What is PVC, and what’s wrong with it?

Red Sky Shelters is committed to offering materials that yield the best performance, durability and safety with the least environmental impact. Close to a decade ago we phased out the use of PVC-coated fabrics for our Yome coverings. This decision left us with very few options and we have had to pioneer and develop our own alternative materials. From our silicone Legacy roof fabric to our new Frontier 100% hemp sidewall fabric, we have developed a set of fabric options that are suitably durable and functional yet environmentally friendly.

What is PVC, and what’s wrong with it?

PVC stands for polyvinyl chloride, commonly known as vinyl. It is one of the most commonly used plastics in the world. Unfortunately, it’s also one of the worst products for the environment. Every step in the life cycle of PVC is riddled with serious environmental and health concerns. This is why Red Sky Shelters, unlike nearly every other portable shelter manufacturer, has eliminated the use of PVC-coated fabric in its products.

When PVC is produced, many of its basic constituents (including ethylene dichloride and vinyl chloride) are released into the atmosphere. These are considered to be not only carcinogenic but also to cause liver, kidney and neurological damage. Workers in vinyl plants have become ill from exposure to these toxic compounds.

PVC manufacturing plants also create significant amounts of dioxins and PCBs, and these frequently leach into the groundwater. In fact, sediment samples taken downstream from these plants have shown dioxin concentrations equal to that of Agent Orange! See PVC Bad News in Threes and Polyvinyl Chloride.

Even more problems are created when PVC is used as a fabric coating. This is because PVC is normally a rigid substance. In order to make it flexible, plasticizers are added. Over time, these plasticizers leach to the surface and are released into the air. This is the off-gassing commonly recognized as the “vinyl odor” in shower curtains and children’s toys. Studies indicate that there are health concerns associated with these plasticizers as well. See Our Stolen Future.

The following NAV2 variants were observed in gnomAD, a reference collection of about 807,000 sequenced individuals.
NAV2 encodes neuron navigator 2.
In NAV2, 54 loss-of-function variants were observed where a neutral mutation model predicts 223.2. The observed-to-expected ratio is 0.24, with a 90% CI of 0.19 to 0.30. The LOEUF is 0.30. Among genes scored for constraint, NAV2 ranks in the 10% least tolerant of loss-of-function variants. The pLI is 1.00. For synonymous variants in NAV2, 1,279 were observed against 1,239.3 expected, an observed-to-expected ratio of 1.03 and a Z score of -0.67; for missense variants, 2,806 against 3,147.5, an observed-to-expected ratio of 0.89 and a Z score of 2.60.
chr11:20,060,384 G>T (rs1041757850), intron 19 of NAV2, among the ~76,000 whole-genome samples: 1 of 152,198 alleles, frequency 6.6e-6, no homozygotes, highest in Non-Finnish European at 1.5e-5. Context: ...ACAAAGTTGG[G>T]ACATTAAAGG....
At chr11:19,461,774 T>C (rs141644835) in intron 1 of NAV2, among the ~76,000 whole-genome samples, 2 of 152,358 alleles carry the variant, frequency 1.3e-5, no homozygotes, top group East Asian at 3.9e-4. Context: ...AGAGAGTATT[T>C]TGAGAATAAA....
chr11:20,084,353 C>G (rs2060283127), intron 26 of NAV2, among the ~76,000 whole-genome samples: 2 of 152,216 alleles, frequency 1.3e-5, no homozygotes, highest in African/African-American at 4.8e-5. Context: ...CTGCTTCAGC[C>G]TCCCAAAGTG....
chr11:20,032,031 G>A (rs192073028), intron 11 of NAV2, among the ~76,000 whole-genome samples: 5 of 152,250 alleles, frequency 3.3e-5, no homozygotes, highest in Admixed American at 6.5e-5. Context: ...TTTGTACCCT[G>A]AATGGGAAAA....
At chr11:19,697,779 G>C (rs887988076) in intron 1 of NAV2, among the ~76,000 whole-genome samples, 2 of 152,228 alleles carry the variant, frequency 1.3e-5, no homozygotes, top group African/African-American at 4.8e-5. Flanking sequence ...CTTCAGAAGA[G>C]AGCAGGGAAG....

It is possible to add a final coat to PVC-coated fabrics, sealing in the plasticizers. This is often done on exterior surfaces for added durability and cleanability. However, the interior surface is typically lacks this top coating, forcing the plasticizers to off-gas into the interior. This is a significant problem in living spaces. Sealing the interior surface helps, but this only addresses one of the many health and environmental problems associated with PVC.

Claims are made that PVC coated fabric can be recycled. However, trying to recycle it causes even more problems and requires more energy than what it would take to landfill it and make more from scratch. Should it be incinerated or burned, PVC releases several extremely toxic substances including dioxin.

Despite these drawbacks, other yurt and dome manufacturers use vinyl-coated fabric almost exclusively. And not only is the roof PVC: Though few manufacturers will call attention to it, the sidewalls are PVC-coated as well. Yurts and domes are considered “alternative” living structures, yet they are completely coated in one of the most ubiquitous and environmentally-destructive substances known. Note that when other manufactures call their fabric “resin-finished” or “acrylic top-coated,” they’re not admitting that these are only the top-coats and most of the material is PVC.

From production to consumption to disposal, vinyl raises serious health and environmental concerns. You can count on Red Sky Shelters to be aware of these concerns and always choose the best materials for your health and that of the planet.

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